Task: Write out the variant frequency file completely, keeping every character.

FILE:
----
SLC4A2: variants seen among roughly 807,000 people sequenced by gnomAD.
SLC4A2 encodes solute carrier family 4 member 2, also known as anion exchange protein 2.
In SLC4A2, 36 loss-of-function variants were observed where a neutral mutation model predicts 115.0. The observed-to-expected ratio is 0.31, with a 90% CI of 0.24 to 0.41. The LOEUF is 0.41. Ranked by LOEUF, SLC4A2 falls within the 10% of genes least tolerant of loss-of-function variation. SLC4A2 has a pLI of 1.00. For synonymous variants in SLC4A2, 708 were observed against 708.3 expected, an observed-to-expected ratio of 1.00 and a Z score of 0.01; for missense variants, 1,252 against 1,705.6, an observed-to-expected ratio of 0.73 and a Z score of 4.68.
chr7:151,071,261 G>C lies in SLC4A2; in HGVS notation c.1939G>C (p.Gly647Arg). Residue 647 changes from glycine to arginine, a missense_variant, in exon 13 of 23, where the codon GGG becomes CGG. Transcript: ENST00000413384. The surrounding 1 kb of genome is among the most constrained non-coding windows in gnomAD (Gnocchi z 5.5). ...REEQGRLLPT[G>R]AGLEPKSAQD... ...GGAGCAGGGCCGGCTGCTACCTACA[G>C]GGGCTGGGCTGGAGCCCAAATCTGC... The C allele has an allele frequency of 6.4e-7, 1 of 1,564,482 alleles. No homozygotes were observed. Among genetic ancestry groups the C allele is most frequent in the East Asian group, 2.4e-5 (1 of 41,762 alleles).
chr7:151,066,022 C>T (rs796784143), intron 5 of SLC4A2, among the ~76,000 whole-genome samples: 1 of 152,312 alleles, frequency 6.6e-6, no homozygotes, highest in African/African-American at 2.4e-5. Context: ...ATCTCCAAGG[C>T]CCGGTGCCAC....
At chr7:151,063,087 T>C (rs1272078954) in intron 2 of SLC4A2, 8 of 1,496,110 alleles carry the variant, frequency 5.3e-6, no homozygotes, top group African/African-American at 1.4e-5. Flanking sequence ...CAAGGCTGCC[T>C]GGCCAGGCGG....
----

SLC4A2: variants seen among roughly 807,000 people sequenced by gnomAD.
SLC4A2 encodes solute carrier family 4 member 2, also known as anion exchange protein 2.
In SLC4A2, 36 loss-of-function variants were observed where a neutral mutation model predicts 115.0. The observed-to-expected ratio is 0.31, with a 90% CI of 0.24 to 0.41. The LOEUF is 0.41. Ranked by LOEUF, SLC4A2 falls within the 10% of genes least tolerant of loss-of-function variation. SLC4A2 has a pLI of 1.00. For synonymous variants in SLC4A2, 708 were observed against 708.3 expected, an observed-to-expected ratio of 1.00 and a Z score of 0.01; for missense variants, 1,252 against 1,705.6, an observed-to-expected ratio of 0.73 and a Z score of 4.68.
chr7:151,071,261 G>C lies in SLC4A2; in HGVS notation c.1939G>C (p.Gly647Arg). Residue 647 changes from glycine to arginine, a missense_variant, in exon 13 of 23, where the codon GGG becomes CGG. Transcript: ENST00000413384. The surrounding 1 kb of genome is among the most constrained non-coding windows in gnomAD (Gnocchi z 5.5). ...REEQGRLLPT[G>R]AGLEPKSAQD... ...GGAGCAGGGCCGGCTGCTACCTACA[G>C]GGGCTGGGCTGGAGCCCAAATCTGC... The C allele has an allele frequency of 6.4e-7, 1 of 1,564,482 alleles. No homozygotes were observed. Among genetic ancestry groups the C allele is most frequent in the East Asian group, 2.4e-5 (1 of 41,762 alleles).
chr7:151,066,022 C>T (rs796784143), intron 5 of SLC4A2, among the ~76,000 whole-genome samples: 1 of 152,312 alleles, frequency 6.6e-6, no homozygotes, highest in African/African-American at 2.4e-5. Context: ...ATCTCCAAGG[C>T]CCGGTGCCAC....
At chr7:151,063,087 T>C (rs1272078954) in intron 2 of SLC4A2, 8 of 1,496,110 alleles carry the variant, frequency 5.3e-6, no homozygotes, top group African/African-American at 1.4e-5. Flanking sequence ...CAAGGCTGCC[T>C]GGCCAGGCGG....